In the decade of the seventies, two significant events occurred in the life of the Seminary. During the inauguration service of Dr. C. F. Whirley, who served as Principal from 1970 to 1979, the Nigerian Baptist Convention (NBC) was formally recognized as proprietor of the Seminary. Then, in 1979, Dr. (Now Professor) Osadolor Imasogie became the first Nigerian to head the institution. His inauguration as Principal (which later became President) on August 18, 1979 received international attention among Baptists.


The decade of the eighties witnessed increasing support of the Seminary by the NBC and growing international recognition of the Seminary. The NBC began giving grants for capital expenditures which resulted in two new staff houses in 1980, additions completed in 1983 to all of the apartments for married students, an additional staff house in 1984, and annual grants for other purposes. An addition to the Administration Building is financed from the Seminary Endowment Fund proceeds-was completed in 1984.


Graduate of the Seminary have made excellent records in graduate schools in Africa, Europe and America. Fifty-five percent (55%) of all degree graduates since 1971 up to the end of the eighties have undertaken higher studies. The Seminary’s long-range faculty development programmes have begun to yield results. Some of the Nigerian faculty members with Ph.D. are being added to the faculty periodically.


The decade of the nineties witnessed the following new programes.

  1. Bachelor of Arts (Religious Studies) of the University of Ibadan
  2. Master of Divinity (M.Div.)
  3. Master of Divinity in Religious Education (M.Div.R.E.)
  4. Master of Divinity in Church Music (M.Div.C.M.)
  5. Master of Theology (M.Th.)
  6. Master of Theology in Religious Education (M.Th.R.E.)
  7. Master of Arts in Theological Studies (M.A.T.S.)
  8. Doctor of Ministry (D.Min.)
  9. Ph.D. Programmes in Theology and Religious Education


New programmes appearing in this particular edition of the Seminary Catalogue are:

  1. Some specializations of Master of Arts: Biblical studies, Religious Education, Church Music and Youth Ministry.
  2. Master of Philosophy in Christian studies.

Master of Theology in Intercultural Studies

The following ancillary education programmes have also been put in place during this decade:

  1. Staff Primary School
  2. Smith International Baptist Academy (SIBAO)
  3. French Language Resource Centre
  4. Computer Training Centre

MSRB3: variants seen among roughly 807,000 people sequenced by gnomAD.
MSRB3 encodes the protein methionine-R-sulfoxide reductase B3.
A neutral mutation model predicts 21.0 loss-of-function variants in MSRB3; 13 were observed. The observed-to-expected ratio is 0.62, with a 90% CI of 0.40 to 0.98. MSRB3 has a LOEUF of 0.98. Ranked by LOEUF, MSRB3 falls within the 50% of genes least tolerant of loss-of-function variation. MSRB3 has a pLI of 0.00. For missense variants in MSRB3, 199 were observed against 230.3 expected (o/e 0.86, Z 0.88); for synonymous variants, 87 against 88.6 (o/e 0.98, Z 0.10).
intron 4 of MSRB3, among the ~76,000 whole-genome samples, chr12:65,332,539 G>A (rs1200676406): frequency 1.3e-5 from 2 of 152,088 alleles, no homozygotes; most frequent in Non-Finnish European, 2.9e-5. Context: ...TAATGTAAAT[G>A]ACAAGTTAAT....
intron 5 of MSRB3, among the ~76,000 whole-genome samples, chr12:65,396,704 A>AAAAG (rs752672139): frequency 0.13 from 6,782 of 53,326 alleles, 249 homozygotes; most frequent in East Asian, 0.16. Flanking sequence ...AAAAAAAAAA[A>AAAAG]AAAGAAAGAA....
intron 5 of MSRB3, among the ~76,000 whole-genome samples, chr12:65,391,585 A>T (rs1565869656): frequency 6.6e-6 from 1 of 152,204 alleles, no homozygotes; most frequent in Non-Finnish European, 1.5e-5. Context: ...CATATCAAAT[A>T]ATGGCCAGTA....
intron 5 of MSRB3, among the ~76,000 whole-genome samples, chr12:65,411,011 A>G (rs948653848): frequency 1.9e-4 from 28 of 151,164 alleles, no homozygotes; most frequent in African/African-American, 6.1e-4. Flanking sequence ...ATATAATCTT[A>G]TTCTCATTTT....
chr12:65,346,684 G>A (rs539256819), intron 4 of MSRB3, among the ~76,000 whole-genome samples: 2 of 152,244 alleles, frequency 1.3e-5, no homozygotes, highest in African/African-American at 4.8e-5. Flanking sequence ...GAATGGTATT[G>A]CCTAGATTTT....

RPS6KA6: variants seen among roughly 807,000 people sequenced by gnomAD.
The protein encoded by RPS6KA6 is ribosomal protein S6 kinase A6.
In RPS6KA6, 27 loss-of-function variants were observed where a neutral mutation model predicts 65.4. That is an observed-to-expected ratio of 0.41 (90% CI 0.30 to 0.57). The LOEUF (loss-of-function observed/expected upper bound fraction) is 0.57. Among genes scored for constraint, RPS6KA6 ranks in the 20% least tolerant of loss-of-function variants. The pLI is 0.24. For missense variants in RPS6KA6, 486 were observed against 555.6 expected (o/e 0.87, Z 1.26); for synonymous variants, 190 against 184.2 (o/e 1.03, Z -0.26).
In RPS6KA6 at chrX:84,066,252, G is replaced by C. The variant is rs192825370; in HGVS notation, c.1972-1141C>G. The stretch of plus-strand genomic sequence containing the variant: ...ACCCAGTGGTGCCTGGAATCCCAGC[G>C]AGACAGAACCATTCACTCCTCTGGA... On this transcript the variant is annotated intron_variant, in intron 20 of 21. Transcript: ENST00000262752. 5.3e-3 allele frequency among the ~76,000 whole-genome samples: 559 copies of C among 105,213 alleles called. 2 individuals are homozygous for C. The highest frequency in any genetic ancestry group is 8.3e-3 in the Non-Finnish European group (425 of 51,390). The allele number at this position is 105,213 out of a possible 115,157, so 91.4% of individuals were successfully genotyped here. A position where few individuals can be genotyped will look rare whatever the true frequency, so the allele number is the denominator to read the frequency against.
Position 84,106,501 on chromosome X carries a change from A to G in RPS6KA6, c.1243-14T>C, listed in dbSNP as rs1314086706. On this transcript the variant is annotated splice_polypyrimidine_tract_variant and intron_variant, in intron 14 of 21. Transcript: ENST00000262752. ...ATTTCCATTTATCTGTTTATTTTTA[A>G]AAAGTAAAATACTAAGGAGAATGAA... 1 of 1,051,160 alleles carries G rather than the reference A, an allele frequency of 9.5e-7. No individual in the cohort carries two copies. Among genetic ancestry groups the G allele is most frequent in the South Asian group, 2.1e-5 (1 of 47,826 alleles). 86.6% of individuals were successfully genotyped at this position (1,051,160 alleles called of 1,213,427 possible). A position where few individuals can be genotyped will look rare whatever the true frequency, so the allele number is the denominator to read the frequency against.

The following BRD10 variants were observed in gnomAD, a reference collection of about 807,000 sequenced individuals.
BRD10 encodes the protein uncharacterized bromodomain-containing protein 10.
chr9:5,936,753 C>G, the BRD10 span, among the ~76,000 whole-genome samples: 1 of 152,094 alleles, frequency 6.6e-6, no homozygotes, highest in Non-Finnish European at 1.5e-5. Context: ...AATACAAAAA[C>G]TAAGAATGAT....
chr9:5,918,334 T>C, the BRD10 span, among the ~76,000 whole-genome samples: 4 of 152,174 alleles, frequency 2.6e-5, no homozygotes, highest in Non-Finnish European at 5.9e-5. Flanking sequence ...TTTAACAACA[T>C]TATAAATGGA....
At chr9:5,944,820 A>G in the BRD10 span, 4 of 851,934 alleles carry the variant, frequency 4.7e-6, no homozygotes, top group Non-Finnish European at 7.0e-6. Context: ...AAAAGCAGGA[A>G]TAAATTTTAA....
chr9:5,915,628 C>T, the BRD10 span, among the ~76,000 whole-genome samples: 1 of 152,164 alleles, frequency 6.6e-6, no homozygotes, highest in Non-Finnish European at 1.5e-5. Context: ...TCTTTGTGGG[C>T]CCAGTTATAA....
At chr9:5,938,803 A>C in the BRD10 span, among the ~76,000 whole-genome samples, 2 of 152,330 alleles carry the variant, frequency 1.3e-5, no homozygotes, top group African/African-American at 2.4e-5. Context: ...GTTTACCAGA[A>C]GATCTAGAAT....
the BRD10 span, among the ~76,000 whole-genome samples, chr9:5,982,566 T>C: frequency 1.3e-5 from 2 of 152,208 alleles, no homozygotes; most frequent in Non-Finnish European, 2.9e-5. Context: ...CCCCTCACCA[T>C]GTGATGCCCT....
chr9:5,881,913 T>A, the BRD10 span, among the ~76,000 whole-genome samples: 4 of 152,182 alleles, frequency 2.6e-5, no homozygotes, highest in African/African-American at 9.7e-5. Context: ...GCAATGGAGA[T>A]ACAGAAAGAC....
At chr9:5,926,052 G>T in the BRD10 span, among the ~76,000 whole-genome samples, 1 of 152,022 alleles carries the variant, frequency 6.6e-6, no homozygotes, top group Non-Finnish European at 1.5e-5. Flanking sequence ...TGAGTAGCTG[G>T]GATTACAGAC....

Facilities (structures) put in place include a multi-storey single men dormitory, Health Clinic, Business Centre, Petrol Station, an eight-classroom block (for the Staff Primary School) and a secondary school classroom building complex for Smith International Baptist Academy (SIBAO).  Some other recent addition to the buildings and other facilities in the campus are:  Construction of campus road, network (2007); administrative block for bursary/accounts (2003) and Business Centre building (2007); Imasogie, Obaje and Ilori (2005) and Whirley hall (2012) at the Guest House and phase 1 of postgraduate residential hall (2015).


It is pertinent to add that the end of the decade of the nineties marked the end of the Southern Baptist Convention’s (USA) century-long financial and personnel assistance to the Seminary. The decade also witnessed the almost 100 percent Nigerianization of the teaching and administrative staff of the school.

The beginning of the second century of the existence of the Seminary witnessed the addition of the Doctor of Ministry (D.Min.). A Doctor of Musical Arts (DMA) was proposed and approved, thus making the Seminary to be in a position to offer all postgraduate degree programmes in theology, religious education, and church music.   The appointment of a third indigenous President with effect from July 1, 2003 was approved by the Nigerian Baptist Convention, the proprietor of the Seminary. He is Reverend Professor Joseph Abiodun Ilori. He succeeded the former President, Reverend Professor Y. A. Obaje, who completed his tenure of service on June 30, 2003. Prof. Deji Isaac Ayegboyin served as the fourth indigenous President of the Seminary in 2008-2015.  The fifth and current President is Dr. Ezekiel Emiola Nihinlola whose leadership tenure started in July 2013.